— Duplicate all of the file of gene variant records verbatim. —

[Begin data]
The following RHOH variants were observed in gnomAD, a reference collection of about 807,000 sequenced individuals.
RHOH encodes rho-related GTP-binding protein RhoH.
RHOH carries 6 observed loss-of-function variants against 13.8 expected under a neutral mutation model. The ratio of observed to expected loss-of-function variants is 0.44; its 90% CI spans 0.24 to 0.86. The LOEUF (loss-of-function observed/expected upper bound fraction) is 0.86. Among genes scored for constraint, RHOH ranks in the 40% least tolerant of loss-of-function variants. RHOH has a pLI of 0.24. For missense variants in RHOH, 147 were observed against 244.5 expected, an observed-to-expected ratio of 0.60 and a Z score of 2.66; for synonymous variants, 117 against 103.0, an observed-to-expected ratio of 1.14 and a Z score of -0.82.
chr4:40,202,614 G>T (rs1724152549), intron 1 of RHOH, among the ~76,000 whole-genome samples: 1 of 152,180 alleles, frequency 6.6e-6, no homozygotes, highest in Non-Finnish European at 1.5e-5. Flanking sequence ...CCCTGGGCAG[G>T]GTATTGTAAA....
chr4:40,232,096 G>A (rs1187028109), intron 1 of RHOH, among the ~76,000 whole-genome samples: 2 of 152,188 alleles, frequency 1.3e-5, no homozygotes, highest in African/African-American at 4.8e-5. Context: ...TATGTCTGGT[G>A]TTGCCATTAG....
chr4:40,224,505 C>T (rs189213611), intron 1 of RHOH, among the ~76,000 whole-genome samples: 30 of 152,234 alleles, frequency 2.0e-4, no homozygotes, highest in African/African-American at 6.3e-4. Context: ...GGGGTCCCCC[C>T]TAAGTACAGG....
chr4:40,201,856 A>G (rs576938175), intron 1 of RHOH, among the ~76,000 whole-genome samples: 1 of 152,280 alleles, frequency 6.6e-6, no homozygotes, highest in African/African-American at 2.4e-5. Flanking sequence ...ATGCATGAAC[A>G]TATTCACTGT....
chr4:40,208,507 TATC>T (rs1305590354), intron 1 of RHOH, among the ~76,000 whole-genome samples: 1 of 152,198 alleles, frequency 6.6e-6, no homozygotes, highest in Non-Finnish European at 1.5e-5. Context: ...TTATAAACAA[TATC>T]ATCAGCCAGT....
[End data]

The following RHOH variants were observed in gnomAD, a reference collection of about 807,000 sequenced individuals.
RHOH encodes rho-related GTP-binding protein RhoH.
RHOH carries 6 observed loss-of-function variants against 13.8 expected under a neutral mutation model. The ratio of observed to expected loss-of-function variants is 0.44; its 90% CI spans 0.24 to 0.86. The LOEUF (loss-of-function observed/expected upper bound fraction) is 0.86. Among genes scored for constraint, RHOH ranks in the 40% least tolerant of loss-of-function variants. RHOH has a pLI of 0.24. For missense variants in RHOH, 147 were observed against 244.5 expected, an observed-to-expected ratio of 0.60 and a Z score of 2.66; for synonymous variants, 117 against 103.0, an observed-to-expected ratio of 1.14 and a Z score of -0.82.
chr4:40,202,614 G>T (rs1724152549), intron 1 of RHOH, among the ~76,000 whole-genome samples: 1 of 152,180 alleles, frequency 6.6e-6, no homozygotes, highest in Non-Finnish European at 1.5e-5. Flanking sequence ...CCCTGGGCAG[G>T]GTATTGTAAA....
chr4:40,232,096 G>A (rs1187028109), intron 1 of RHOH, among the ~76,000 whole-genome samples: 2 of 152,188 alleles, frequency 1.3e-5, no homozygotes, highest in African/African-American at 4.8e-5. Context: ...TATGTCTGGT[G>A]TTGCCATTAG....
chr4:40,224,505 C>T (rs189213611), intron 1 of RHOH, among the ~76,000 whole-genome samples: 30 of 152,234 alleles, frequency 2.0e-4, no homozygotes, highest in African/African-American at 6.3e-4. Context: ...GGGGTCCCCC[C>T]TAAGTACAGG....
chr4:40,201,856 A>G (rs576938175), intron 1 of RHOH, among the ~76,000 whole-genome samples: 1 of 152,280 alleles, frequency 6.6e-6, no homozygotes, highest in African/African-American at 2.4e-5. Flanking sequence ...ATGCATGAAC[A>G]TATTCACTGT....
chr4:40,208,507 TATC>T (rs1305590354), intron 1 of RHOH, among the ~76,000 whole-genome samples: 1 of 152,198 alleles, frequency 6.6e-6, no homozygotes, highest in Non-Finnish European at 1.5e-5. Context: ...TTATAAACAA[TATC>T]ATCAGCCAGT....